In our candidate search, LinkedIn attracted up to 90%+ male engineering applicants whereas Angellist, Indeed, Glassdoor and Google attracted more even candidate pools. These are not generally applicable stats because all companies are different, but make sure to post on a variety of job sites (most of which are free) to ensure that you’re attracting a diverse range of applicants. Also, sites like She Geeks Out and Power to Fly do a great job at training and attracting female job candidates, so check those out if you’re trying to expand your hiring reach. We got fewer applicants through those sites but the quality was higher.
Do name-blind resume screens
Name blind resume screens solve a variety of problems. Even if you think your team is non- discriminatory, subconscious bias may betray people without them realizing it. Let cover letters and resumes speak for themselves, it is one of the best ways to ensure your hiring pipeline is strong. In fact, we actually found that female resumes were qualitatively stronger and more tailored to our job posting (see below), and this only became evident once we looked back at names following our name-blind evaluations.
A diverse pipeline will lead to a stronger team and better results
After implementing all of the tips outlined above, we found that male and female applicants performed about equally well in phone interviews and coding tests (proving that our resume screen was fairly accurate) and female applicants then narrowly outperformed male applicants in the onsite interviews.
We retested this revised process with a software engineering co-op search with students from Northeastern. Because the college screens their students and their resumes, the overall pipeline was stronger, but the candidates were tough to differentiate. Again, we found that female candidates were qualitatively stronger — they tended to have worked on more challenging engineering side projects (so their GitHub repos were far more robust) and they were more likely to write cover letters that spoke to why they wanted to work at Polis. This gave them a huge advantage over the majority of male applicants because in our expedited hiring process we only had time to look at each application for an average of two minutes. The two female applicants that made it to our onsite interviews wrote some of the most beautiful code we had ever seen.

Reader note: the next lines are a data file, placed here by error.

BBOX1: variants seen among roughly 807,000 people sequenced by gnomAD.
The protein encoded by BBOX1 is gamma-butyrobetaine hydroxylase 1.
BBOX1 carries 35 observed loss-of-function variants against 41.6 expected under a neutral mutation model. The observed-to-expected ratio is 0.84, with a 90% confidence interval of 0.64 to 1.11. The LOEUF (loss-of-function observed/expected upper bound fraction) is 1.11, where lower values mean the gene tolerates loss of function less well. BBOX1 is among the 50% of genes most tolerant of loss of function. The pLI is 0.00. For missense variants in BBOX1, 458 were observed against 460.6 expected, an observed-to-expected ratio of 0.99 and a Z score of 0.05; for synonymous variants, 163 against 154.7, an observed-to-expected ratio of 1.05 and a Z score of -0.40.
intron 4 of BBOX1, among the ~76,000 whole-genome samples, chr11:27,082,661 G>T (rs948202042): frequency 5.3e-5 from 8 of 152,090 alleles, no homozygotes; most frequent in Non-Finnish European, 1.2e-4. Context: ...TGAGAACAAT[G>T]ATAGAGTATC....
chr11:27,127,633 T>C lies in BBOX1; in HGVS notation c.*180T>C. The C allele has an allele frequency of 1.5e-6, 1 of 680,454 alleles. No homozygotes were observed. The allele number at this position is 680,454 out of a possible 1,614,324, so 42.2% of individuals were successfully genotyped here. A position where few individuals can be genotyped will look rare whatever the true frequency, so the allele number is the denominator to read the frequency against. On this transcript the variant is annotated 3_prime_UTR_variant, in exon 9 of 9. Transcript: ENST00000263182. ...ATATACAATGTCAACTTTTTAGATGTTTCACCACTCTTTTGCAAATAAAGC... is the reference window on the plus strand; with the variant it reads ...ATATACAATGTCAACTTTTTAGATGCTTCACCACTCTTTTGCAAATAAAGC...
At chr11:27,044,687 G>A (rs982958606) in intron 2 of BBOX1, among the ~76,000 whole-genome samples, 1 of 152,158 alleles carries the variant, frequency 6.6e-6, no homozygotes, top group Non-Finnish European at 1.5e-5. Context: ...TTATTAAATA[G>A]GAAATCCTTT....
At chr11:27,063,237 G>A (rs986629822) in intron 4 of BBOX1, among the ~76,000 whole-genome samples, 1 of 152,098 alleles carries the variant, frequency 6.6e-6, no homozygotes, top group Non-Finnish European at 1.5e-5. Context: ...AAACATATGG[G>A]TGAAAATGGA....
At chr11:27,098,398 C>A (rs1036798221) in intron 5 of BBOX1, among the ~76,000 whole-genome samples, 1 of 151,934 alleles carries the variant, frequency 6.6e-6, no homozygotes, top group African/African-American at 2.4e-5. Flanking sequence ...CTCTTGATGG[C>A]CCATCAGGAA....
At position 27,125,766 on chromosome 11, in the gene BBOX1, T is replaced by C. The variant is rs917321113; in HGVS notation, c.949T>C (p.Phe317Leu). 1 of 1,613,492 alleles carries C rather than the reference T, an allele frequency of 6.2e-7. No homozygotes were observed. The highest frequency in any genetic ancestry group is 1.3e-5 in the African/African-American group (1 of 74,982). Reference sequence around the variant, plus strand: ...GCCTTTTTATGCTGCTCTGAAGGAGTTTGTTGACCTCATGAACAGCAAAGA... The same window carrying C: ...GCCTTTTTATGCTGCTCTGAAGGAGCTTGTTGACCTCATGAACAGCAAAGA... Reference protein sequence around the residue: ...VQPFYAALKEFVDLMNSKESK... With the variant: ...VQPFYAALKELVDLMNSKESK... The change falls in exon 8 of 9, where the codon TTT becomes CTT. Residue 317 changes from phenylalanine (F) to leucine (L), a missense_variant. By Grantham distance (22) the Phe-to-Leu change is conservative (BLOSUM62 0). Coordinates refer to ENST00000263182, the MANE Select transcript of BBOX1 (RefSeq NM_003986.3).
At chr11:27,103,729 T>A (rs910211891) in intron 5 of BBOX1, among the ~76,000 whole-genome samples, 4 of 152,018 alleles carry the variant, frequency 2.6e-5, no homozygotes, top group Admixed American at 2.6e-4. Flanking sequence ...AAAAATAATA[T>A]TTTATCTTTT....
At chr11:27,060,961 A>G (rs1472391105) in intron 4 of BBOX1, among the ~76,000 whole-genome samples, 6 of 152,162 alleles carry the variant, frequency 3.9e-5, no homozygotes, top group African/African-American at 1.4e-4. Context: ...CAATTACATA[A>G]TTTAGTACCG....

If you take away one thing, make it this: it is both possible and necessary to hire a diverse team. Diverse teams build better products because they are better teams. Strengthening your hiring pipeline is a lot of work but it is ultimately all about values, and having the message come from the top.
All tech companies can and should develop a process that brings diversity to your team. This goes beyond just hiring more women in tech, you need people from all walks of life. A diverse and well-reasoned top of funnel will result in the strongest team possible, and will ultimately reflect the company that you want to build.
About the author:
Prior to founding Polis, Kendall was a consultant at Parthenon-EY where she advised the executives of multi-national corporations and Fortune 500 companies. She received her B.A. from Columbia University and attended the University of Oxford. Kendall has been featured in Forbes, TechCrunch, the Washington Post and the Boston Globe.